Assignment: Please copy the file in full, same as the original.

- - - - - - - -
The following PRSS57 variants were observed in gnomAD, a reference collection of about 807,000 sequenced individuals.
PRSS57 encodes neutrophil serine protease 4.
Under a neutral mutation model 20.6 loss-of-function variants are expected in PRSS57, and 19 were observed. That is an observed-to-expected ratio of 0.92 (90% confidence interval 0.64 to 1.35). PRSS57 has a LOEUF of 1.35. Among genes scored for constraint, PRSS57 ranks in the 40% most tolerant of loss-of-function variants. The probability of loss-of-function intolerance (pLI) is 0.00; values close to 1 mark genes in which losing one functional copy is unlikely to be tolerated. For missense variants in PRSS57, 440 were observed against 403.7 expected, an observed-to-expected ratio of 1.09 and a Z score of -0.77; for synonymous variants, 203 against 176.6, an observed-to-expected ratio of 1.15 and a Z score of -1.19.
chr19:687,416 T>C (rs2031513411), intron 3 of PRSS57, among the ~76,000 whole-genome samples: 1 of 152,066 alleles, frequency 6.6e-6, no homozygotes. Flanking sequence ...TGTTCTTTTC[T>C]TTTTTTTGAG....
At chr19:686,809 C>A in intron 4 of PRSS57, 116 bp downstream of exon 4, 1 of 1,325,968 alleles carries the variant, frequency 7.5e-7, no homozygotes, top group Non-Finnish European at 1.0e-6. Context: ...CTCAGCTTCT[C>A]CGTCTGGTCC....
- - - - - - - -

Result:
The following PRSS57 variants were observed in gnomAD, a reference collection of about 807,000 sequenced individuals.
PRSS57 encodes neutrophil serine protease 4.
Under a neutral mutation model 20.6 loss-of-function variants are expected in PRSS57, and 19 were observed. That is an observed-to-expected ratio of 0.92 (90% confidence interval 0.64 to 1.35). PRSS57 has a LOEUF of 1.35. Among genes scored for constraint, PRSS57 ranks in the 40% most tolerant of loss-of-function variants. The probability of loss-of-function intolerance (pLI) is 0.00; values close to 1 mark genes in which losing one functional copy is unlikely to be tolerated. For missense variants in PRSS57, 440 were observed against 403.7 expected, an observed-to-expected ratio of 1.09 and a Z score of -0.77; for synonymous variants, 203 against 176.6, an observed-to-expected ratio of 1.15 and a Z score of -1.19.
chr19:687,416 T>C (rs2031513411), intron 3 of PRSS57, among the ~76,000 whole-genome samples: 1 of 152,066 alleles, frequency 6.6e-6, no homozygotes. Flanking sequence ...TGTTCTTTTC[T>C]TTTTTTTGAG....
At chr19:686,809 C>A in intron 4 of PRSS57, 116 bp downstream of exon 4, 1 of 1,325,968 alleles carries the variant, frequency 7.5e-7, no homozygotes, top group Non-Finnish European at 1.0e-6. Context: ...CTCAGCTTCT[C>A]CGTCTGGTCC....